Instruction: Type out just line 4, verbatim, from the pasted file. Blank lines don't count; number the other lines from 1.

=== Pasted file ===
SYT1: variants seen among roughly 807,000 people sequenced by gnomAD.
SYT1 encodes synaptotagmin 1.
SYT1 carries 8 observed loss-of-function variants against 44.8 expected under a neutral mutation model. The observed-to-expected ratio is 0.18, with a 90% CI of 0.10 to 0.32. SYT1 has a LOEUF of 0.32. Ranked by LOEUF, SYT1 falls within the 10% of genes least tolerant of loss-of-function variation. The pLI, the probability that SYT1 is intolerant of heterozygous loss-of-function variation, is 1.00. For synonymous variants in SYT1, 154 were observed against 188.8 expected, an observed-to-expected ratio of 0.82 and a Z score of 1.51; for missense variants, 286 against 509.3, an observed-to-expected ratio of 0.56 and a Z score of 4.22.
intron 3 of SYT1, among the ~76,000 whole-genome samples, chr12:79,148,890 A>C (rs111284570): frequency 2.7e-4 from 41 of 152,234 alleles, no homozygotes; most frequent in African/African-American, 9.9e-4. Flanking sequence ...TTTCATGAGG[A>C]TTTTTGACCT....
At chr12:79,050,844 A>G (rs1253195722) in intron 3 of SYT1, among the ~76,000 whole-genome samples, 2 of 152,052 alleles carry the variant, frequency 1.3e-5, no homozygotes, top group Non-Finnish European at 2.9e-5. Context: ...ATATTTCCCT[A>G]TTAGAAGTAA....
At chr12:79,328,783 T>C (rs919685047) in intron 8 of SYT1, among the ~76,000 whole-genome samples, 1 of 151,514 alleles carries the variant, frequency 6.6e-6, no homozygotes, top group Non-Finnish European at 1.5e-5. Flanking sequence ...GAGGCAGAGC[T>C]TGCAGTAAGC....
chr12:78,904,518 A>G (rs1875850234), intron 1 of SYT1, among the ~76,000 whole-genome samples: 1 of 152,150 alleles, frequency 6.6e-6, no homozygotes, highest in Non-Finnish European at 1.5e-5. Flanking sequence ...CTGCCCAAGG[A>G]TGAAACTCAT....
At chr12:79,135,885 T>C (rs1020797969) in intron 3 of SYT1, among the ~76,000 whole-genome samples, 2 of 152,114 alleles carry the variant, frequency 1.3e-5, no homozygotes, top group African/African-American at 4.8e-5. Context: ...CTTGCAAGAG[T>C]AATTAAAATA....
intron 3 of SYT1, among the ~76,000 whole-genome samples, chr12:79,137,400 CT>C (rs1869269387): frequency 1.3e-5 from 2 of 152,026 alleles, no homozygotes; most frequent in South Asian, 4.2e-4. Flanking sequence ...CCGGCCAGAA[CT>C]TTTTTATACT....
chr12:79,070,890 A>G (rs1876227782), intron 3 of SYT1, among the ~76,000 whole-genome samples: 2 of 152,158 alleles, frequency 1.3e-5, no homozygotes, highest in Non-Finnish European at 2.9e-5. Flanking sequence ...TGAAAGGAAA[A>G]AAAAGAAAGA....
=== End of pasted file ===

intron 3 of SYT1, among the ~76,000 whole-genome samples, chr12:79,148,890 A>C (rs111284570): frequency 2.7e-4 from 41 of 152,234 alleles, no homozygotes; most frequent in African/African-American, 9.9e-4. Flanking sequence ...TTTCATGAGG[A>C]TTTTTGACCT....